Fourier transform infra-red spectrum: Figure 1 shows
FTIR spectrum of MOF-5 sample.
|| FTIR spectrum of MOF-5
|| X-ray diffractogram of MOF-5
Two sharp intense peaks were seen at 1581 and 1361 cm-1. Several
small peaks in the range of 1225-950 cm-1 and 800-650 cm-1
and 500 cm-1 were seen. A broad peak at 3403 cm-1 was
X-ray diffractometry: Figure 2 shows the X-ray diffractogram of MOF-5. A sharp intense peak at 2 (theta) = 9.08 was seen.
Transmission electron microscopy: Figure 3 shows the Transmission Electron Micrograph of MOF-5. The image reveals the presence of unordered pores of dimensions below 10 nm.
Micrometric analysis: Figure 4 shows the graph of cumulative pore area (m2 g-1) vs. pore size diameter (μm). BET surface area obtained from porosimeter analysis is 230 m2 g-1. The sample was found to be 66.86% porous and the total pore area was 4.754 m2 g-1.
Sensing studies: Figure 5 shows the graph representing the response of MOF-5 towards acetone, formaldehyde and ethanol at 5 ppm. The response was found to be 0.0872, 0.5216 and 30.36 for acetone, formaldehyde and ethanol, respectively.
Figure 6 shows the graphical representation of response of
MOF-5 on presenting formaldehyde gas at different concentrations.
|| Transmission electron micrograph of MOF-5
||The cumulative pore area at various pore size diameter for
cycle 1 intrusion
||The response of MOF-5 towards acetone, formaldehyde and ethanol
at 5 ppm
||The response of MOF-5 towards formaldehyde at various concentrations
||The response of MOF-5 towards acetone at various concentrations
The response increased linearly and it was 358.73 at 100 ppm of formaldehyde.
Figure 7 shows the graphical representation of response of MOF-5 towards acetone at different concentrations. The response was found to be 0.087, 0.294 and 0.313 for 5, 10 and 15 ppm of acetone, respectively.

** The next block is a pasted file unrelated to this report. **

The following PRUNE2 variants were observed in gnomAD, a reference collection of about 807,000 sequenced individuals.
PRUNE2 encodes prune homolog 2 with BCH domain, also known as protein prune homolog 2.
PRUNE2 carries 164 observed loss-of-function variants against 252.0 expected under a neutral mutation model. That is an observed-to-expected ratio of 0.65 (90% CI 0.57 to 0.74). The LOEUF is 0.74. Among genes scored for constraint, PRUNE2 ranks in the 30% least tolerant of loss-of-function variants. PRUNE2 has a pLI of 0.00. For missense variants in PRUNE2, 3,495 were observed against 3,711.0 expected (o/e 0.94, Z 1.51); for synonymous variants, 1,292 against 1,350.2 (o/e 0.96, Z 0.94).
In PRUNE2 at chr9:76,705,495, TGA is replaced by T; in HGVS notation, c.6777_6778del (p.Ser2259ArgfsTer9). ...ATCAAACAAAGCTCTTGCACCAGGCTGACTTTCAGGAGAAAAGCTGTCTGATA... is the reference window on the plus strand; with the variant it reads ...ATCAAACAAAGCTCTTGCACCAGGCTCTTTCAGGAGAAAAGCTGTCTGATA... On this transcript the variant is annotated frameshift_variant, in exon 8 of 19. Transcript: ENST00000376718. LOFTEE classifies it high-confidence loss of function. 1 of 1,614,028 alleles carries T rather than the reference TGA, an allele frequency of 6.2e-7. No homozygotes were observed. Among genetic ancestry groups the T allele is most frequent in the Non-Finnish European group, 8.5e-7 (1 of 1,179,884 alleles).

FTIR spectrum (Fig. 1) confirms the presence of the required
functional groups present in MOF-5. The peaks at 1581 and 1361 cm-1
are characteristic of the symmetric and asymmetric stretching of C-O bonded
to benzene ring present in the linker (Sabouni et al.,
2010). Several small peaks seen in the region of 1225-950 cm-1
and 800-650 cm-1 are because of the in-plane and out of the plane
stretching of the aromatic C-H groups of the benzene ring present in terephthalic
acid (Coates, 2000). The peaks around 3000 cm-1 are because of the
adsorbed moisture content (Coates, 2000).
The X-ray diffractogram (Fig. 2) is similar to the one obtained
by Saha et al. (2009). The peak at 2θ =
9.08° with d = 9.73 Å is characteristic of MOF-5 and confirms that
it is highly crystalline.
Transmission electron micrograph (Fig. 3) shows that the sample is highly crystalline and porous with unordered pores. The presence of large number of pores contributes to the high surface area of MOF-5.
The porous nature of the sample is confirmed by the total porosity of 66.86% obtained from porosity analysis. BET surface area of 230 m2 g-1 (Fig. 4) is a reasonably good surface area and it makes MOF-5 suitable for sensing experiments.
Figure 6 shows that the sensitivity towards ethanol is better than that of formaldehyde and acetone. So the response of MOF-5 at higher concentrations of acetone and formaldehyde were tested. Sensitivity towards formaldehyde increases linearly as the concentration of formaldehyde increases from 5-100 ppm. There is an increase in the sensitivity towards acetone when the concentration of acetone increases from 5-10 ppm and the increase at 15 ppm is very low.
MOF-5 shows good sensitivity towards ethanol even at concentrations as low as 5 ppm. MOF-5 shows a linear increase in response as concentration of formaldehyde increases. Increase in response at increasing concentrations of acetone stabilizes at 10-15 ppm and the highest concentration at which it can sense acetone is 10 ppm. The material is highly selective towards ethanol. From the results obtained it is evident that MOF-5 is a promising candidate for sensing of VOCs in testing indoor air quality.
This study was supported by (i) PG teaching grant No. SR/NMPG-16/2007 of Nano
Mission Council, Department of Science and Technology (DST), India.